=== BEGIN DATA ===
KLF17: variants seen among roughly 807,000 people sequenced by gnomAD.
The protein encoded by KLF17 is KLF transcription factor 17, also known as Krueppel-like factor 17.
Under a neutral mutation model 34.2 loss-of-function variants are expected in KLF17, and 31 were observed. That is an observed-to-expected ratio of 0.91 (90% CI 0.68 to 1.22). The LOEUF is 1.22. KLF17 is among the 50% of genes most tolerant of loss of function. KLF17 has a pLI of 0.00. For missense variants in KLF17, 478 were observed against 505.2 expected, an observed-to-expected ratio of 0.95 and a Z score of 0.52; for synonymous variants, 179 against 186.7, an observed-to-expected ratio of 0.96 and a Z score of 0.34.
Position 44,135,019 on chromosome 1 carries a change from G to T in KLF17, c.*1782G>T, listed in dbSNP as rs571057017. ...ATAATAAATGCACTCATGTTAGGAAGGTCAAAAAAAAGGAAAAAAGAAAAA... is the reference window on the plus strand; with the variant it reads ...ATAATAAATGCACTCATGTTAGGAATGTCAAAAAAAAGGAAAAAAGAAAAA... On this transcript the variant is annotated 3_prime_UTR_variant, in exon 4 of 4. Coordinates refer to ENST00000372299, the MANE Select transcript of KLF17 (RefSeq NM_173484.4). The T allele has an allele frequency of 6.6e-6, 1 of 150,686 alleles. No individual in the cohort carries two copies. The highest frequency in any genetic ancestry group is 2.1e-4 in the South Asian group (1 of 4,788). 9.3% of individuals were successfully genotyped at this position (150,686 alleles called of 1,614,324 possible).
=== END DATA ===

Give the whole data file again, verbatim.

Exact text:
KLF17: variants seen among roughly 807,000 people sequenced by gnomAD.
The protein encoded by KLF17 is KLF transcription factor 17, also known as Krueppel-like factor 17.
Under a neutral mutation model 34.2 loss-of-function variants are expected in KLF17, and 31 were observed. That is an observed-to-expected ratio of 0.91 (90% CI 0.68 to 1.22). The LOEUF is 1.22. KLF17 is among the 50% of genes most tolerant of loss of function. KLF17 has a pLI of 0.00. For missense variants in KLF17, 478 were observed against 505.2 expected, an observed-to-expected ratio of 0.95 and a Z score of 0.52; for synonymous variants, 179 against 186.7, an observed-to-expected ratio of 0.96 and a Z score of 0.34.
Position 44,135,019 on chromosome 1 carries a change from G to T in KLF17, c.*1782G>T, listed in dbSNP as rs571057017. ...ATAATAAATGCACTCATGTTAGGAAGGTCAAAAAAAAGGAAAAAAGAAAAA... is the reference window on the plus strand; with the variant it reads ...ATAATAAATGCACTCATGTTAGGAATGTCAAAAAAAAGGAAAAAAGAAAAA... On this transcript the variant is annotated 3_prime_UTR_variant, in exon 4 of 4. Coordinates refer to ENST00000372299, the MANE Select transcript of KLF17 (RefSeq NM_173484.4). The T allele has an allele frequency of 6.6e-6, 1 of 150,686 alleles. No individual in the cohort carries two copies. The highest frequency in any genetic ancestry group is 2.1e-4 in the South Asian group (1 of 4,788). 9.3% of individuals were successfully genotyped at this position (150,686 alleles called of 1,614,324 possible).